When the movie ended, so did the mood. I walked home, not sure if I thought it was good, although I conceded that Anderson had skillfully created a mood. By the time I got home I had progressed sufficiently beyond the earlier fright that I was fretting over the perilous financial state of Laurence Fishburne’s career. Wholly back to normal. So much so that I remember very few details of the remainder of the day, only going to bed and turning out the light. And then being awakened by a voice in the darkness whispering “Liberatis tutumet ex infera.”

I woke up with a scream that I tried to turn into a normal shout, resulting in a very odd and unconvincing sound. One loud enough, me being home for the remainder of the summer, to wake my mom. She tersely asked what the fuck the fucking noise was all about, and was not pleased at the explanation. She told me to go back to sleep. I tried. I tried for the next several days, to no avail. Every time I would close my eyes, “Liberatis tutumet ex infera.” By the third day I was hearing it faintly in broad daylight.

By that point I was barely functional. I was swaying while sitting still, unable to stand fully upright, unable to do anything other than read or listen to music, so I listened to only the brightest and most pleasant music, read only the lightest and most entertaining books. Eventually, after retreating into this inner solarium and losing all sense of time, I closed my eyes and slept, dreamless, for an entire day. The next day I had the same feeling I always have after a migraine, as though there’s a physical hole in my brain, mildly giddy but unable to focus on anything for too long. The day after that, all systems normal.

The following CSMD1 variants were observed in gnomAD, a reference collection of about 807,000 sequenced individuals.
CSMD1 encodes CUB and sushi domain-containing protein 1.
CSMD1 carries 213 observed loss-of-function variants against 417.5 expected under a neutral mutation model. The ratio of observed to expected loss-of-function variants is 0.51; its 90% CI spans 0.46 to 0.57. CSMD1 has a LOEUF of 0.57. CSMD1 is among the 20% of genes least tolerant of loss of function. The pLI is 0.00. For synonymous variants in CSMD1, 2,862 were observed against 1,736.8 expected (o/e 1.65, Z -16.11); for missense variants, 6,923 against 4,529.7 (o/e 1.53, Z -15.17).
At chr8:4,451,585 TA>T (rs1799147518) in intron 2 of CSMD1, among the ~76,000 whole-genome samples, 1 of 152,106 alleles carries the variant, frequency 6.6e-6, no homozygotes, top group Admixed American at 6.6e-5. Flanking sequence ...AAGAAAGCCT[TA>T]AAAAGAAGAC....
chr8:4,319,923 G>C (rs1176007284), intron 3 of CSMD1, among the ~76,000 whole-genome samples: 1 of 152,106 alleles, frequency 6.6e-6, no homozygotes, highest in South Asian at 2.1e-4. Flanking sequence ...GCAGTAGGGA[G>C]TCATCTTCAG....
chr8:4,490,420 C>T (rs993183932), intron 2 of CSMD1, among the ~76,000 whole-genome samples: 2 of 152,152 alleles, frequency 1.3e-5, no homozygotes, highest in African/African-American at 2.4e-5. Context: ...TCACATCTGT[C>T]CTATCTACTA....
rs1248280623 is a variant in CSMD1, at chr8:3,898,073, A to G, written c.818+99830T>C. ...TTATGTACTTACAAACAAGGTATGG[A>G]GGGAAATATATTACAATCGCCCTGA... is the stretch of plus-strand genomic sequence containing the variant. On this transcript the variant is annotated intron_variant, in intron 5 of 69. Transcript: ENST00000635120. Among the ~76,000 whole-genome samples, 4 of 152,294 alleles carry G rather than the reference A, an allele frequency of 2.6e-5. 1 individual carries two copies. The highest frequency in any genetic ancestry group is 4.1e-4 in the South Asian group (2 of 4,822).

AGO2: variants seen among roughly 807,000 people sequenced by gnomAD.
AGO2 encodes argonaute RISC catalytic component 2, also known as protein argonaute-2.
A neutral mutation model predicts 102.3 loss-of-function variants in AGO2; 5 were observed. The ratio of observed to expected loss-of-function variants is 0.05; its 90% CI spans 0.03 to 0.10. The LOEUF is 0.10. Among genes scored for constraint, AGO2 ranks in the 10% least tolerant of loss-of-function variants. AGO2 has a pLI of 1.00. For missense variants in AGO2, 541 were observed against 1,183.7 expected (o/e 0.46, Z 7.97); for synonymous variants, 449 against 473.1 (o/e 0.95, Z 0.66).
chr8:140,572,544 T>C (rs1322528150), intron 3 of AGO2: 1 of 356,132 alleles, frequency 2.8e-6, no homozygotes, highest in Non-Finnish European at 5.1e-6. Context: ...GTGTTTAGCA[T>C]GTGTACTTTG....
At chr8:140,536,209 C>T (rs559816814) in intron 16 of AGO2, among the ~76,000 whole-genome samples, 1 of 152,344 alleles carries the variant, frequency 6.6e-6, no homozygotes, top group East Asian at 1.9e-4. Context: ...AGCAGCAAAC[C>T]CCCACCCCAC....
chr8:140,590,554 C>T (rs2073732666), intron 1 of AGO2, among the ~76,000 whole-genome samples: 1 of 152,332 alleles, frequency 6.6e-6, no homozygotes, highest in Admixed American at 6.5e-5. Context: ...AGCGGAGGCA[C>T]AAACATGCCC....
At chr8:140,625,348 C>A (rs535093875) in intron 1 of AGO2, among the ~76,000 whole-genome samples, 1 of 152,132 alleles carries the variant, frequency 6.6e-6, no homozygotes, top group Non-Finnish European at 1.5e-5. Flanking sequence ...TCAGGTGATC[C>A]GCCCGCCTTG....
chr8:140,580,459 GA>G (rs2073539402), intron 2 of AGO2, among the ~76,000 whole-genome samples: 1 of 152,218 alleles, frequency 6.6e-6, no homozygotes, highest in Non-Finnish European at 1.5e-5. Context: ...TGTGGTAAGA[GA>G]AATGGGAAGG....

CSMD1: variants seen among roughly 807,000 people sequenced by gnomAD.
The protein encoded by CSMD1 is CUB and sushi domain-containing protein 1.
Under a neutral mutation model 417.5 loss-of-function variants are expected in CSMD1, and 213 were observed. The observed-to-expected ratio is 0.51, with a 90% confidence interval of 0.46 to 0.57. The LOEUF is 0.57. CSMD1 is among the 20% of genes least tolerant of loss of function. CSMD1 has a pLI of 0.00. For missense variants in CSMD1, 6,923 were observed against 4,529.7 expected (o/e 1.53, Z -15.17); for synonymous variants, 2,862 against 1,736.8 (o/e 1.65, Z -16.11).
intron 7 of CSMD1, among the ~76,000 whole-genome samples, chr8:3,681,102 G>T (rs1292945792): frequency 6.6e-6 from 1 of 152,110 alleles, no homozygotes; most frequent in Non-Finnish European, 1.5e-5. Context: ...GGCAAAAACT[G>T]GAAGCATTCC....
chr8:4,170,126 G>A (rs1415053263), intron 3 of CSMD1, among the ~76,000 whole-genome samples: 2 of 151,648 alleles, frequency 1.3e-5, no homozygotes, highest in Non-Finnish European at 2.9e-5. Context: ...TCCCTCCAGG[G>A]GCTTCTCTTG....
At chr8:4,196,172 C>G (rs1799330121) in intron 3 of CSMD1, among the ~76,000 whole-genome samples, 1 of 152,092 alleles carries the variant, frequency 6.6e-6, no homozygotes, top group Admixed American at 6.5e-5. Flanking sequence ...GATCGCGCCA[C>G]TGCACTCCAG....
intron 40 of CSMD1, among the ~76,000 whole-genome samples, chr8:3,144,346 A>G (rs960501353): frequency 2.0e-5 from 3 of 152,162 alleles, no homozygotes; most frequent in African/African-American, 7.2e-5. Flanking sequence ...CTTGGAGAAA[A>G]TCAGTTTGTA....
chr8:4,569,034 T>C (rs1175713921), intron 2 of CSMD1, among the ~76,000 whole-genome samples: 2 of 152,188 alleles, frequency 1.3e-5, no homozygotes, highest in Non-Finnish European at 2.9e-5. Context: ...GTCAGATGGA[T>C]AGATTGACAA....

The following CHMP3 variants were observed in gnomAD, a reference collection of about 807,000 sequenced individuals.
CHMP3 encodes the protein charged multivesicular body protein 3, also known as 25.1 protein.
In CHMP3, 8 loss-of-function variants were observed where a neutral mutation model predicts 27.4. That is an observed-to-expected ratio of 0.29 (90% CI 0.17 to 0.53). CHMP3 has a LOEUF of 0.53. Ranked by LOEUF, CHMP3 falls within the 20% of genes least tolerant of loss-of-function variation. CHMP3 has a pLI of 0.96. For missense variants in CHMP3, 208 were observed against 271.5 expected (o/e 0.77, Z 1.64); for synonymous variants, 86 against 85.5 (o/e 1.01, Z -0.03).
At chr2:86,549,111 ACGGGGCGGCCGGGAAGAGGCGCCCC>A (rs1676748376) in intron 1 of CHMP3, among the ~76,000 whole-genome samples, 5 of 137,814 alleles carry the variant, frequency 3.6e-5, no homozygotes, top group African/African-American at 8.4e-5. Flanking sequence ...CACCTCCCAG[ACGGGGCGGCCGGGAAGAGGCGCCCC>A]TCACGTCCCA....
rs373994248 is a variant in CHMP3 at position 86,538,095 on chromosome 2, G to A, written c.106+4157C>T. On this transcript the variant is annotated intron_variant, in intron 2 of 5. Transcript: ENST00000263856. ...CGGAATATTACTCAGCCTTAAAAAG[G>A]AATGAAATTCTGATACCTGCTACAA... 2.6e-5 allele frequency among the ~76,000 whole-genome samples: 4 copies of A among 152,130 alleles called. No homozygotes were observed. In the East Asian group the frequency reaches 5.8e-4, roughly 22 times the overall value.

Shortly after returning to college for my sophomore year I got into a conversation about my Event Horizon experience and was met with derision: “Really?” “Dude, you talk all that obnoxious ‘Horror movies suck/I only like Dario Argento movies for the aesthetics’ nonsense and then fuckin Event Horizon scares the shit out of you?” “Event Horizon? Really?”

One friend of mine with a practical streak suggested that we rent Event Horizon on VHS about a year later—I’d told the story of how it freaked me out multiple times at that point—to confront the fear head on and thus conquer it. So, over some beers, we watched the movie and it was, for lack of a better term, ordinary. There was no channeling a terror from beyond the infinite. The spoken Latin was not an incantation. Sam Neill was simply Sam Neill. (And God bless us all for that.) Event Horizon was but a solidly made genre picture by an idiosyncratic director who would go on to, deservedly, accrue a cult following.

There’s no dramatic climax to this story, and I like it better that way. I developed a more cautious attitude toward psychedelic drugs. While I inevitably feel like a guest in someone else’s house when watching horror movies, I’ve developed a respectful esteem for the genre. I think it can enrich the mind and the spirit to have the living shit scared out of you every so often. And, if horror movies can get to me, they can get to anyone. Long live horror.

Danny Bowes

Danny Bowes is a theater artist, filmmaker, and critic whose writing has appeared in Premiere, The Atlantic, The AV Club, RogerEbert.com, Salt Lake City Weekly, and the Village Voice.
Danny Bowes